As the crowd quieted, the names of those who have been killed by gun violence echoed through the packed Fairview High School parking lot. An anonymous soul tried to shout alongside, but their voice cracked with the emotional strain of reliving one of their most traumatic experiences and they were barely heard over the blowing wind.
On Thursday evening, March 25, hundreds of people gathered in the Fairview High School parking lot to mourn the death of ten people who were killed by a shooter in a Boulder King Soopers.
Such tragedies are what Moms Demand Action, the organizers of this event, seeks to eliminate. The grassroots, bipartisan gun reform organization hosted a vigil to honor the ten men and women killed on Monday. Speakers included community religious representatives and U.S. Rep. Joe Neguse.
Also present was Boulder City Council Member Rachel Friend. Friend has been active with Moms Demand Action since 2011 following the attempted assassination of former Arizona representative Gabrielle Giffords.
“It just broke my heart that an 11-year-old who wanted to go and meet her congressperson got killed,” Friend said.
Friend supported the assault weapons ban even before her election to the city council. Ten days before the shooting, a judge blocked the ban. Friend said that the ban was designed around preventing “exactly the sort of tragedy that happened (Monday).”
The problems Boulder, and the nation, face run far deeper than just local gun measures. Christina Gardner is a Boulder resident who has been an active member and leader of Moms Demand Action for the past three years.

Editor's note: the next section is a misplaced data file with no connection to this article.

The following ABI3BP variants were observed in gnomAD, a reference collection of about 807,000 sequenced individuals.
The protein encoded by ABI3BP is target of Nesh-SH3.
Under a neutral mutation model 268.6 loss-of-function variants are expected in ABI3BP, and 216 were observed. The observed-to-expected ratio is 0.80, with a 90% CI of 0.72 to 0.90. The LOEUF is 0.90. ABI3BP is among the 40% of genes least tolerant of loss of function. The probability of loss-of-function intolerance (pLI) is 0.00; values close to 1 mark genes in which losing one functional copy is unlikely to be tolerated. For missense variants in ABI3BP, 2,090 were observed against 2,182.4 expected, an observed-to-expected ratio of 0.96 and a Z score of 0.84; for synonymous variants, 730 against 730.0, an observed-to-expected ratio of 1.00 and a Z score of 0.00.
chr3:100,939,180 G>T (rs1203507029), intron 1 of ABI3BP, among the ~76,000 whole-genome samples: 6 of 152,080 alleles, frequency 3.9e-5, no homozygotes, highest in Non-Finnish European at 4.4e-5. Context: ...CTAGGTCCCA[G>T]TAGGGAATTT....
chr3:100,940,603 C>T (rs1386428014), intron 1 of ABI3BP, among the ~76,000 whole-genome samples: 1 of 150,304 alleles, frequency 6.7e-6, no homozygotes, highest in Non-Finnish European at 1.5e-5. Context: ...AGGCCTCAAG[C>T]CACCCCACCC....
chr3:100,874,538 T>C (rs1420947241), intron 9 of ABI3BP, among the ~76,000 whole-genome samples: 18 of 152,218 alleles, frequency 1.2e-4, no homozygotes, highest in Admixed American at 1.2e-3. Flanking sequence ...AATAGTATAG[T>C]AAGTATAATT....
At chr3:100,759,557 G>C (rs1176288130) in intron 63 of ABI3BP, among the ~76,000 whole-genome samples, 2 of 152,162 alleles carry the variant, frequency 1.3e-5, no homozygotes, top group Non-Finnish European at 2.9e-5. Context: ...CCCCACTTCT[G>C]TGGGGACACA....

“On the federal level, there has not been a federal bill for gun safety in 25 years,” Gardner said. “We need federal action.”
Two weeks ago, the House passed a pair of bills that expand and strengthen background checks for gun buyers. The bill faces stiff Senate opposition, however, as Republicans have resisted stricter gun laws for years.
Representative Joe Neguse was one of the representatives to vote “yea” on the two bills. Neguse’s platform stressed community safety and common-sense gun laws.
“We’re a kind and compassionate community that is coming together to support one another during a difficult time,” Neguse said.
The turnout at Fairview moved Neguse. He said that the crowd he saw was the most moving part of his time at the vigil.
“But we’re also a community that demands change,” he concluded, vowing to continue leading the charge for federal gun law reform.
Boulder Rabbi Fred Greene was also present at the vigil. Greene is a member of Congregation Har HaShem and offered a re-examination of a classical Hebrew saying. The original translation says, “You must not be indifferent.”
“That is not my translation,” Greene said. “This means that you cannot hide yourself, cannot disappear.”
Greene asked the crowd to not turn their anger towards Muslim Americans, as the U.S. has done in the past. He pointed out that one man’s heinous act of violence does not entitle us to target an entire population.
He went on to say that Boulder needs time to stretch and create a brave little space. This space where the community can be more vulnerable with one another, and vent frustrations, grief and anger.
“Focus on responsibility to one another,” Greene concluded.
Contact CU Independent Staff Writer Alexander Edwards at firstname.lastname@example.org.